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Biomedicine in museums

An art historian's concern with high-tech baby making

By October 26, 2008No Comments

We all know how babies can be conceived in test-tubes, that we can clone eggs in petri dishes, and that embryos can be stored in the freezer. Old-fashioned sex is increasingly substituted with artificial conception. But what does a leading bio-artist and art historian think of all this? Suzanne Anker from the School of Visual Arts, NYC, gives a seminar in Cambridge on Tuesday (HPS Dept, Free School Lane at 5pm), asking questions like:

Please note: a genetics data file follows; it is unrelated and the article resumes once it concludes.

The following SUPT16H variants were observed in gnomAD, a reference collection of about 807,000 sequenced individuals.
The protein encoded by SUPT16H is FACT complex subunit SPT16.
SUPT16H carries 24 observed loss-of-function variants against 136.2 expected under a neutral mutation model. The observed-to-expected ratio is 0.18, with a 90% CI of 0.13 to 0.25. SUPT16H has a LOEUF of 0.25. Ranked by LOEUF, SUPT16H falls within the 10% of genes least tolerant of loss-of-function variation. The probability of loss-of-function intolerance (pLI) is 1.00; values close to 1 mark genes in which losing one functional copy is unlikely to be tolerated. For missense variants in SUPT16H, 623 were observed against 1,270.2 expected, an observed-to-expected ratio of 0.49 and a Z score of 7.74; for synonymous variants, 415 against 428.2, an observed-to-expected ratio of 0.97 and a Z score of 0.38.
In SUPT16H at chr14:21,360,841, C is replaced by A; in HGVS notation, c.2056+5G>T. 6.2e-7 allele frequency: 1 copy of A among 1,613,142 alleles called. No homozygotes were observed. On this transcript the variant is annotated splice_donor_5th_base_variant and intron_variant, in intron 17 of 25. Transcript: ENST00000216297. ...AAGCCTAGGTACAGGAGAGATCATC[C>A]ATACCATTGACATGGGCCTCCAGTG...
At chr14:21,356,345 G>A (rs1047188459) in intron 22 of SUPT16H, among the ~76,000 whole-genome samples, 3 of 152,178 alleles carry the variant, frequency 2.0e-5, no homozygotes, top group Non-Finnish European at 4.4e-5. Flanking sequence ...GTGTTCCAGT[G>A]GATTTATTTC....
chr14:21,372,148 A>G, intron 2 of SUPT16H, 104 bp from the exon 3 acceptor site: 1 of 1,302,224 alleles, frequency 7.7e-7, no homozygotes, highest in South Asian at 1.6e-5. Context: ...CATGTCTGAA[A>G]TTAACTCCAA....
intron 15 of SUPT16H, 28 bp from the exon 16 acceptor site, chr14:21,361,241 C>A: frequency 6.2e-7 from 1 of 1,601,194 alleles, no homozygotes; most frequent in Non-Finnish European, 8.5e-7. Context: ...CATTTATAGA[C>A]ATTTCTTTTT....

When posed with the classic quandary, where do babies come from, will the mythology of life’s creation soon also include glassware and the bio-lab? Has the bundle-carrying stork been exiled from fairy-tales? And with the bio-printing of replacement organs and tissues on the research horizon, at what cost is this further quest for immortality?

Suzanne wrote The Molecular Gaze: Art in the Genetic Age (with Dorothy Nelkin in 2004), so she’s well placed to opine on this interesting technoscientific field.

Thomas Söderqvist

Author Thomas Söderqvist

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